Inside the NPS

For more than five years I’ve been a judge for SIA’s New Product Showcase (NPS) and I wanted to share my insights into the program, which has grown and blossomed into one of the best-known security industry innovation awards programs. This is thanks in large part to hard work by all the participants, a credo to be fair and unbiased and a commitment to furthering the industry by presenting accolades to those products that ultimately assist the integrators and end users with pertinent solutions for their market.

This year, we had quite a few new judges participating, because the NPS process is extremely time-consuming and people change jobs and positions. All judges must sign an affidavit of no conflicts of interest and follow the SIA NPS code of ethics.

Having new judges is a good thing—it brings a fresh perspective to the program. In addition, if a judge does not fulfill the criteria that SIA establishes, they will be asked not to participate in subsequent years.

Judges are divided into teams based on their knowledge of the product categories, with one lead judge to speak for the group and judges review products prior to ISC West. Sometimes, it does happen that a judge has to abstain from voting on a particular product. This happened last year when one of the judges disclosed his commitment to a certain product and the fact that his company installed the device all the time. He abstained from voting or voicing any opinion on this particular product and let us make our own decision based on the merits of the product.

Judges listen to 10-minute presentations to get an overview of the product. Not all judges see all products and presentations, which would be impossible in the time allowed. After the first day of deliberations we gather and talk about what looks promising. The next day we set out on the show floor to view and see demonstrations of those products that were not part of our presentations but may be on the potential preliminary list to receive an award. That way we can balance the one-on-one demonstrations with in-person visits to understand why the other judges may have liked a product, or why we have nixed their selection. We take most of the day on the first day of the show to do this—and it’s worked out quite well. Not only do the judges expand their repertoire, so to speak, but it really levels the playing field for all the entrants.

This year’s judges, who are listed on the SIA NPS website at: http://www.sianps.com/en/ISC-West/2012-NPS-Judges/ along with the criteria for judging, included many more integrators than before and I think that’s fantastic. Our NPS Chair, Jennifer Martin, Manager, Worldwide Channel Programs for Pixim Inc., assists the judges in their goal to be fair and critical. In this role she does not vote or have any influences on judges’ decisions, nor does she participate in the product presentations. Martin is respectful of the process and always goes back to the SIA criteria for the awards during our deliberations, which are listed on the SIA NPS website. She does not interject when the judges all gather to evaluate what they have seen and why they believe a product to be a potential winner. She is the referee, when discussions get heated, and they sometimes do—because the overall gist of the awards program is not only fairness, but how this product really might work in the field and whether it works as stated and has been released to the market in the appropriate time frame. She’s an overseer and champions the SIA NPS cause, but is not part of the voting body of the NPS.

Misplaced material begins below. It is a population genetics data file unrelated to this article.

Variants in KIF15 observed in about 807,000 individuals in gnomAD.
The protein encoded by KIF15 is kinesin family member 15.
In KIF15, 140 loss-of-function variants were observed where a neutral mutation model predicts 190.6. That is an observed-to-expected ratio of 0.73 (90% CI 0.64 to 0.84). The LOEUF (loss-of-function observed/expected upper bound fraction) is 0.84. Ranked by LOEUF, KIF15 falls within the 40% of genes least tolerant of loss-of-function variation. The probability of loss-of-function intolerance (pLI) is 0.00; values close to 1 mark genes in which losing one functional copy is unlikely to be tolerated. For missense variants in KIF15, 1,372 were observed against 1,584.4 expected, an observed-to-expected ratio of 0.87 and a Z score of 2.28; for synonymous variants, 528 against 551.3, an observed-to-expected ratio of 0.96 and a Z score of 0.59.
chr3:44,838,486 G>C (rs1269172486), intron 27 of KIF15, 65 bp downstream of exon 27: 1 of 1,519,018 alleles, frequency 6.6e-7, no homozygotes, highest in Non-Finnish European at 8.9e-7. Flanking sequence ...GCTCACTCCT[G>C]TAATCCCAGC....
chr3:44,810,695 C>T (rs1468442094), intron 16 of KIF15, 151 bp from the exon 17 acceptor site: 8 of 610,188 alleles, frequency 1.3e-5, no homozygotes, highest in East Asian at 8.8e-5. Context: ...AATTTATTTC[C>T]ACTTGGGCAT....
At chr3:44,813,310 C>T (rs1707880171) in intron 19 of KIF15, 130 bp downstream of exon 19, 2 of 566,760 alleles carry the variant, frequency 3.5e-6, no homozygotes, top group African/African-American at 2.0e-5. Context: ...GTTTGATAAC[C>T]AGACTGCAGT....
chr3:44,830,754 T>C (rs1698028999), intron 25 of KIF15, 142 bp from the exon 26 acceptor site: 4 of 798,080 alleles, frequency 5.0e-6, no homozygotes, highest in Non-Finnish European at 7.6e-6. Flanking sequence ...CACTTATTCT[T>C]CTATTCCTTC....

Let me say here that these are not testing awards, nor are they meant to be. These awards are designed to help winning and placing companies market more effectively the attributes of their products. That being said, the process is quite different from actual in-the-field testing by unbiased companies (is there anyone really doing this?) And that’s why the SIA NPS judging gets volunteer integrators from small to large companies, end-users, media and consultants, to evaluate what they might know about how these products behave in the field—how easy or hard they are to install—what the total cost of ownership might be to the end user and how that parlays into an effective solution, or not. In fact, some of the discussions I have been privy to when we gather as a whole to discuss possible winning entries, have centered on products and how they may take days to set up or program, or didn’t meet the customer’s needs or criteria, despite the manufacturer’s claims to having satisfied those same goals.

Winners are excited to be part of the honors and past winners have talked about the definite boost the awards have given to their marketing and branding efforts. For those who wanted to know more, for the first time this year SIA presented a Winner’s Forum at ISC West, and those in attendance learned how judges are motivated, what the process is, what winners have to say about what they gained or hoped to gain from this exposure.

The award process is quite transparent and actually follows the Wikipedia definition of such when it comes to openness, communication and accountability: “Transparency is operating in such a way that it is easy for others to see what actions are performed.” Sure, you can’t see directly into the judging chambers for the awards, but all of the rules and other criteria are open to see. Just check out these links in this story or visit www.sianps.com. It’s all there.

The SIA NPS fills a void that as far as I can see, couldn’t be filled by any other organization in such a professional and well-thought out manner. I’m proud to be part of this “academy awards” of the security industry, and grateful for the Security Industry Association, its staff and all the judges for helping elevate the stature of the security products industry.  

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